The views expressed by the Swedish Committee of Experts in Medicine and Pedagogy are well worthy of quotation: “It is illustrative of the broad view taken by the committee of their task,” says the British Medical Journal, “that they deal with the education of the child from the time it learns to speak and address inquiries as to how it came into the world. The committee look forward to the time when parents will be so enlightened that they will not tell their children silly stories about babies being brought into the home by storks, but will give a simple account which the child in later years will not discover to be mendacious. The committee hope that the child, who is gradually taught more and more about sex hygiene as it passes from one school grade to another, will eventually become a parent wise enough to instil in the next generation a frank and healthy attitude towards sex problems. Parents, it is hoped, will learn to protect their infants from the undesirable caresses and kisses of strangers ... As for sex teaching in school, this should be associated with the teaching of biology, Christianity, sociology, and psychology. The question of venereal disease should not come into the curriculum until comparatively late, and until the physiology of fertilization and reproduction has been fully taught. Advanced sex teaching should preferably be in the hands of doctors; but they are not always available, in which case other teachers should give instruction on this subject, male teachers dealing with boys and female teachers with girls. Teaching of sex hygiene in high schools for girls should include the subject of venereal disease, and special emphasis should be laid on the protection of infants from infection. A further recommendation is that a carefully supervised library of works on sex hygiene and venereal disease should be compiled at the cost of the State for the use of teachers and classes.”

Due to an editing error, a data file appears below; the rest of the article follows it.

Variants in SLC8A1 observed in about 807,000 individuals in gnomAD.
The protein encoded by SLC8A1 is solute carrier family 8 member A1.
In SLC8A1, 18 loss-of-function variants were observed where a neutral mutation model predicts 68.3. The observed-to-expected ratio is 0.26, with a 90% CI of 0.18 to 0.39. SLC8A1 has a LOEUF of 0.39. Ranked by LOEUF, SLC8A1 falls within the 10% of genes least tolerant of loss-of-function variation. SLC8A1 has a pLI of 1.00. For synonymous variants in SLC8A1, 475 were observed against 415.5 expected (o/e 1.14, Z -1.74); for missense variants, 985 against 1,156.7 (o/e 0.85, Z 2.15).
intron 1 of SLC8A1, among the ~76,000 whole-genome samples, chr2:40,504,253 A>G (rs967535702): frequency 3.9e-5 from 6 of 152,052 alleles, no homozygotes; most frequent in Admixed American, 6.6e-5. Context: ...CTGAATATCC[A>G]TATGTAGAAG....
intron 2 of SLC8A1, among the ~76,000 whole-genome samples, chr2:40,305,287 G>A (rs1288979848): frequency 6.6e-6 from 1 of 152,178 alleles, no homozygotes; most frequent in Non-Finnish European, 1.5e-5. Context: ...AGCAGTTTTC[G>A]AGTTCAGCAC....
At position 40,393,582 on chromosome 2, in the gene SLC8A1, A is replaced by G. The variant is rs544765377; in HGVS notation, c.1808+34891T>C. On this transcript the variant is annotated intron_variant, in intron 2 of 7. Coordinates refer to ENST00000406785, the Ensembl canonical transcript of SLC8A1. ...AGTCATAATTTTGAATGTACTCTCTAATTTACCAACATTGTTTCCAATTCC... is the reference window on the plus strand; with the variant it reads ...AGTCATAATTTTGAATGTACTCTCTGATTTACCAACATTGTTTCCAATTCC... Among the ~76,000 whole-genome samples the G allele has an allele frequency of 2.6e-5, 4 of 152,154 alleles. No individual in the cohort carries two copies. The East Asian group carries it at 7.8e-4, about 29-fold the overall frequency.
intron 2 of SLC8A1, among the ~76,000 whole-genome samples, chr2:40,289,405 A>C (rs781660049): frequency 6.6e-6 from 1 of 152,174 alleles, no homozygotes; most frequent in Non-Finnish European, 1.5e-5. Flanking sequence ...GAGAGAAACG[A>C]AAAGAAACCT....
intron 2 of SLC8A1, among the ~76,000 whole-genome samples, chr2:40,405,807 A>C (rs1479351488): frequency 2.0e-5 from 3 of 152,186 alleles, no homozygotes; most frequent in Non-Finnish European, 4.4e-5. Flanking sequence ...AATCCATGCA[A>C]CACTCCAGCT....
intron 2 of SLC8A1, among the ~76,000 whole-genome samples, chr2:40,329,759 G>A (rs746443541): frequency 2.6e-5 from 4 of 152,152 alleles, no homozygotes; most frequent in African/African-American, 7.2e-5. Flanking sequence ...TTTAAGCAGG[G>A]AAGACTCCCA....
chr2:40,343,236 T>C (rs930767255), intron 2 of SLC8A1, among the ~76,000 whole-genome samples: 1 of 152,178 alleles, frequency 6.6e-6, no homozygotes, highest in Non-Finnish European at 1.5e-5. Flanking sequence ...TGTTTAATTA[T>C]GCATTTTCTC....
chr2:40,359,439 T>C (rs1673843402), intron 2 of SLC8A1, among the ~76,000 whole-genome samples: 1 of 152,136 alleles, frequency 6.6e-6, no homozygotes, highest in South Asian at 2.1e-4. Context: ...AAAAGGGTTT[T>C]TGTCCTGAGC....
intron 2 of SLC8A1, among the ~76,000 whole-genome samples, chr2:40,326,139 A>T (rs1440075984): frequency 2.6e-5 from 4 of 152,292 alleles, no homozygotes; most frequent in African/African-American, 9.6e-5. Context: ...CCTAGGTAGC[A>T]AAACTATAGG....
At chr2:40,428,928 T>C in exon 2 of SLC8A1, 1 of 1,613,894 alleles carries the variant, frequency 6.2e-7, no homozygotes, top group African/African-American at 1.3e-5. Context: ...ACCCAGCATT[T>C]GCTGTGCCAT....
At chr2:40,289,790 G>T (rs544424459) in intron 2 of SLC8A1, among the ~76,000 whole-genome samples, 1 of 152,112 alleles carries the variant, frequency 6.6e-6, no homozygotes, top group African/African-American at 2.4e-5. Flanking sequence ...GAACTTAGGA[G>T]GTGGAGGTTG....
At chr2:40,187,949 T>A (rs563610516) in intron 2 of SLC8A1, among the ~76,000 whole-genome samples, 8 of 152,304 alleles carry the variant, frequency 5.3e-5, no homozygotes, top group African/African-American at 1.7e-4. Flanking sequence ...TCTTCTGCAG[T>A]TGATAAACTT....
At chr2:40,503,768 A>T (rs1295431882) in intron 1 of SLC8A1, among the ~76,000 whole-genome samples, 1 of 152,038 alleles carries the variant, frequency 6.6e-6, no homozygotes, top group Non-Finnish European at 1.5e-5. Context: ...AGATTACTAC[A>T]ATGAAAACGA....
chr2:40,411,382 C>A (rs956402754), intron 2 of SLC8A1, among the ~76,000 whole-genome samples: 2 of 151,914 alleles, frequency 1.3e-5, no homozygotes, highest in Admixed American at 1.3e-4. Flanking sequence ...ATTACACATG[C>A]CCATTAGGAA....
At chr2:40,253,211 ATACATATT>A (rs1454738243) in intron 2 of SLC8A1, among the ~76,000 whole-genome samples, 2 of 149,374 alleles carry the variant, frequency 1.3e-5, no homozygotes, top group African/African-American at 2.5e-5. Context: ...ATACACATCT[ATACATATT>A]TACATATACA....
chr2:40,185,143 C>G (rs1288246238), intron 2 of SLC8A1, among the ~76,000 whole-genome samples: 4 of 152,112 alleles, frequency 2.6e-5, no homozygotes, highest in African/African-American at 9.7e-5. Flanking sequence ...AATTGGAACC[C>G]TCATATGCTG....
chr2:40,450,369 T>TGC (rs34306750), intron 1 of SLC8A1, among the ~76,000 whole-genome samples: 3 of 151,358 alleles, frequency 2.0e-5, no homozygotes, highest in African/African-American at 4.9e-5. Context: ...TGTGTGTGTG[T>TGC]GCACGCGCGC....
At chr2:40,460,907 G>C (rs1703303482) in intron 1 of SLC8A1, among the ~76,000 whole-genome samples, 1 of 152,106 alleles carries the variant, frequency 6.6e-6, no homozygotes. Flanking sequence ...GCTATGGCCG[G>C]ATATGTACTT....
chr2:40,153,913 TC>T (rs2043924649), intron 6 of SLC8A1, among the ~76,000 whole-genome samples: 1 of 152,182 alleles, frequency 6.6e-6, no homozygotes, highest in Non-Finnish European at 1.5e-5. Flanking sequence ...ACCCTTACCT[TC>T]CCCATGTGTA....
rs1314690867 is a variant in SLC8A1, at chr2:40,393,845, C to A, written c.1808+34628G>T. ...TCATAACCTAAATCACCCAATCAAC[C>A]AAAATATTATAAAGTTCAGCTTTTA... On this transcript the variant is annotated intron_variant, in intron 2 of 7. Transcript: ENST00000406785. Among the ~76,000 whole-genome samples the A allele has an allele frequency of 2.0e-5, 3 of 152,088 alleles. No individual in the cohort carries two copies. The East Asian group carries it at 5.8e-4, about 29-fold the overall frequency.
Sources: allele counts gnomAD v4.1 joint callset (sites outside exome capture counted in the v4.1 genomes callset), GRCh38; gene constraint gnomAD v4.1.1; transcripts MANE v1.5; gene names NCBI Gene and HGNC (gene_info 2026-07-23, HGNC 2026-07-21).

The Committee of the Board of Health agree with the suggestion that teachers should be trained to deal with this question, and that school medical officers or other qualified practitioners should give occasional “talks” to the elder boys and girls. A great deal may be done by physical instructors preaching the gospel of “physical fitness” and personal cleanliness in thought, word, and deed. Bathing and outdoor sports and games of all kinds should be encouraged. The Committee would point out, however, that not all teachers and not all medical men possess the qualities fitting them to give instruction and advice in this delicate matter. The task should be entrusted to those who have shown themselves specially adapted by sympathy and tactfulness for the work, and preferably those who are parents, otherwise harm instead of good may result.
More than one witness spoke with approval of “The Cradleship” and other books by Miss Edith Howes as suitable for use with young children.
The Committee are of opinion that addresses on sex questions by lay persons, except selected teachers, to young people in mass are of doubtful value.